ARRGH... of course I forgot to order 1
part, in this case it was the surface mount power connector from the battery pack to the
board. I choose this connector because the female side is used on
lots of lithium single cell batteries and other battery packs (so I
figured that the receptacle must be pretty common also... and my goal
is to use an easy to source parts). Additionally, the Eagle CAD part
is available in the Adafruit part library (so I wouldn't need to go
through the headache of making a new part in Eagle). As it turned
out, I could only find this part at Sparkfun (JST Right Angle Connector – White
PRT-08612) or Adafruit (JST-PH 2-Pin SMT Right Angle
Connector PRODUCT ID: 1769) and no where else – not Digikey,
Mouser, Newark or even eBay. Well, that
didn't equal common or easy to source part for me.
Looking for a
solution, since my boards are already out for fabrication, I needed
to find something. Of course I could always just solder the battery
pack leads directly to the board but I didn't want to do that.
Eventually I found that the through hole version, which is quite
available (either as the JST-PH-2 or Molex 5264), can be altered to
fit the footprint for the SMD version. Both of these, the female
connector and the male through hole receptacle, are fairly common as
battery cable connectors in old wireless phones, lantern battery
connector, older computer boards and many other devices (which is
where I found the ones I'm now using). As soon as I can get the new
part numbers I'll put them in the Bill of Materials, until then I'll
leave the surface mount version.
By bending the through hole wire connections back 90 degrees (so they are in line with the connector and extend out behind) they actually match the surface mount dimensions (yeah, this is definitely a Hack but there is no way I was going to place an order for just one part when postage and handling is more than the part itself.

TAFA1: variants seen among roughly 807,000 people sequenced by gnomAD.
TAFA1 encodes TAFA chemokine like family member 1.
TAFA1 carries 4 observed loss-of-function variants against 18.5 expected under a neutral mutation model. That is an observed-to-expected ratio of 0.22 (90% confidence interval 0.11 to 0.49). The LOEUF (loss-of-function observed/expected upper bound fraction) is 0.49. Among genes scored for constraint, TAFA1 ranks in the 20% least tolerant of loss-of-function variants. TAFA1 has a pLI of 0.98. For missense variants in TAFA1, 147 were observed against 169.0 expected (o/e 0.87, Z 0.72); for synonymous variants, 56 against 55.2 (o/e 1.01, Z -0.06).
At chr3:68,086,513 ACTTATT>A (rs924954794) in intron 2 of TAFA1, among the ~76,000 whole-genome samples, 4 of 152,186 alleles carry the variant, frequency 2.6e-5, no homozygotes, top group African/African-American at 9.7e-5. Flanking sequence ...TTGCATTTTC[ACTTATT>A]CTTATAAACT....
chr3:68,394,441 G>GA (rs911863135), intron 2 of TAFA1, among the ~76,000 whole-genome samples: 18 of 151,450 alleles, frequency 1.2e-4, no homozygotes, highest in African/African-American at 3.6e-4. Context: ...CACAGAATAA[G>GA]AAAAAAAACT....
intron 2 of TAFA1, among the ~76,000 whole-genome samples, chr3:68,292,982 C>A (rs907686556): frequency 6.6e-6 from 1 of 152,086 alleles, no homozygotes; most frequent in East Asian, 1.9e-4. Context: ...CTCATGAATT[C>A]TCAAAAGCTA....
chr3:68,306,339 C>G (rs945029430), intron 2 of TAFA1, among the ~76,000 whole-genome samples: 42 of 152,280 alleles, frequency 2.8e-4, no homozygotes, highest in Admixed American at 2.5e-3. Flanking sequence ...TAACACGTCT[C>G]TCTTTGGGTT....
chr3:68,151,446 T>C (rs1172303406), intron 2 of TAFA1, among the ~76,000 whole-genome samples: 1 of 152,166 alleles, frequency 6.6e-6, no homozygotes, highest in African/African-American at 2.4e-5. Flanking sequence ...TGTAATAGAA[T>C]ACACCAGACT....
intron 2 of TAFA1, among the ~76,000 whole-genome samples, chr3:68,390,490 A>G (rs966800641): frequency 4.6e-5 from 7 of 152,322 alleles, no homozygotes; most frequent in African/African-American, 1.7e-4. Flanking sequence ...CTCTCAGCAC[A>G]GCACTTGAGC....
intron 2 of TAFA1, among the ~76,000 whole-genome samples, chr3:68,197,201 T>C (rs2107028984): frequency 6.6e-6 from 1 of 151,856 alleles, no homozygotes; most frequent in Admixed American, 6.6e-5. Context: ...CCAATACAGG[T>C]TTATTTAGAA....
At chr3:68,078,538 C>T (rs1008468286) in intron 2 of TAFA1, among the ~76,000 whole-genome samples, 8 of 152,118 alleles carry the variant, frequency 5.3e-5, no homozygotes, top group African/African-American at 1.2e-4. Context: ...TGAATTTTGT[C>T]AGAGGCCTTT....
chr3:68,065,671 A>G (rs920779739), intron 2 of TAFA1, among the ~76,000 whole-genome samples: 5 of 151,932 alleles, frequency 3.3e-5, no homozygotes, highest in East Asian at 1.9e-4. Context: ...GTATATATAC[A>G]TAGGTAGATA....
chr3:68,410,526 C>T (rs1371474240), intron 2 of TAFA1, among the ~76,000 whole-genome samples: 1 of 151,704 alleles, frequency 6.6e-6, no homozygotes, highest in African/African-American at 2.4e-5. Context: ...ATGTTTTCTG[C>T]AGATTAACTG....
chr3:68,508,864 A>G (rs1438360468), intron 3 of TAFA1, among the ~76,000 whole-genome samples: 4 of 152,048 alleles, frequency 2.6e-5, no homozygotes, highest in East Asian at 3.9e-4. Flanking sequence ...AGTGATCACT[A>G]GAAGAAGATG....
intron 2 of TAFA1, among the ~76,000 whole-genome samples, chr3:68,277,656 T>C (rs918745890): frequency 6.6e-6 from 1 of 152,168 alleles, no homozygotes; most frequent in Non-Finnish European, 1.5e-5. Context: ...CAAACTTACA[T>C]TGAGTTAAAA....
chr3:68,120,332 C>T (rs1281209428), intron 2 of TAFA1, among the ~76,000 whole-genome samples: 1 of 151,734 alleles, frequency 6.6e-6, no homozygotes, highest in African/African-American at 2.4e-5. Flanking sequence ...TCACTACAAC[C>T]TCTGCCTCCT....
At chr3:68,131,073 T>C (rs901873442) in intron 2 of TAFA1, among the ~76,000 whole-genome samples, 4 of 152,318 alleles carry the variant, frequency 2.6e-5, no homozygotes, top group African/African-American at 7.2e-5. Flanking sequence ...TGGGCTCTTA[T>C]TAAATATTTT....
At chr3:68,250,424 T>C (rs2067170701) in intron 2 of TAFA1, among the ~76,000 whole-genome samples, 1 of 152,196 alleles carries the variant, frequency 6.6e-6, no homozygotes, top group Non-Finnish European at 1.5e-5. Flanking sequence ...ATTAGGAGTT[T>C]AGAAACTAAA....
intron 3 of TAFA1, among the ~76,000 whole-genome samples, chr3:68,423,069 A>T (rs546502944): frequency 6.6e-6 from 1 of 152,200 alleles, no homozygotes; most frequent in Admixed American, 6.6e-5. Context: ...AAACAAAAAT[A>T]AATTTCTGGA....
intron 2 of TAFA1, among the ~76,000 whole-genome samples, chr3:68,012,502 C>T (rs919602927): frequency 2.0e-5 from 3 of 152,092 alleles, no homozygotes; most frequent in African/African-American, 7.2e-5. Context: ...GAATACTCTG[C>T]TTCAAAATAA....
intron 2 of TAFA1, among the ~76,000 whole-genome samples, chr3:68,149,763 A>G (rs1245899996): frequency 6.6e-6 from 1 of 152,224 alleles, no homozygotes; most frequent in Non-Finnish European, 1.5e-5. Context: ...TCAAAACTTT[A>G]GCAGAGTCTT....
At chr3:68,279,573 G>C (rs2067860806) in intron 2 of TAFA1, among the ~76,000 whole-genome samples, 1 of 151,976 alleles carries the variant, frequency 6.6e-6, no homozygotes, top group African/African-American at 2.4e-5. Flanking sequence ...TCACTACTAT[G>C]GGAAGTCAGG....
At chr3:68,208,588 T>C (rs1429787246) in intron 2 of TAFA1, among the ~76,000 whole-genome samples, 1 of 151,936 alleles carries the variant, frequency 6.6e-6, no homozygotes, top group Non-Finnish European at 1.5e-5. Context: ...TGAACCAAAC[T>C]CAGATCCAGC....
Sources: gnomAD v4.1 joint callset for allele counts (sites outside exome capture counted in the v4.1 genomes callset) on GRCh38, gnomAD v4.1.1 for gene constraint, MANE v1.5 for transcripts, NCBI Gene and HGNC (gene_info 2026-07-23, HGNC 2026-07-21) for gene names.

Soon after placing
my last parts order I worried about the clearance for the Reset
Switch that is placed in the top right of the PCB (which is under the LCD
screen), I thought the switch might be to tall. After I received my order I
used the actual parts to check clearances... and I was correct, the
switch was to tall. Looking through my scrap/salvage boards (from
old appliances: TV's, VCR's, Computers, Toys, etc.) I found some
lower profile tactile switches with the same footprint as the ones I
ordered. Beware – the current part number for this switch, on my
Bill Of Materials, is the old switch since I need to find a part
number for the lower profile one (as soon as I do I'll change it on
the BOM – with a comment).
Here, you can see the difference:
I'm close to having all the base code straightened out and I'm designing the case for 3D Printing using OnShape. My project file is Public (so anyone with an account, which is free, can look at it - or download it) and it is named UniversalGlucometerCase. So, you can check out my design progress if you want.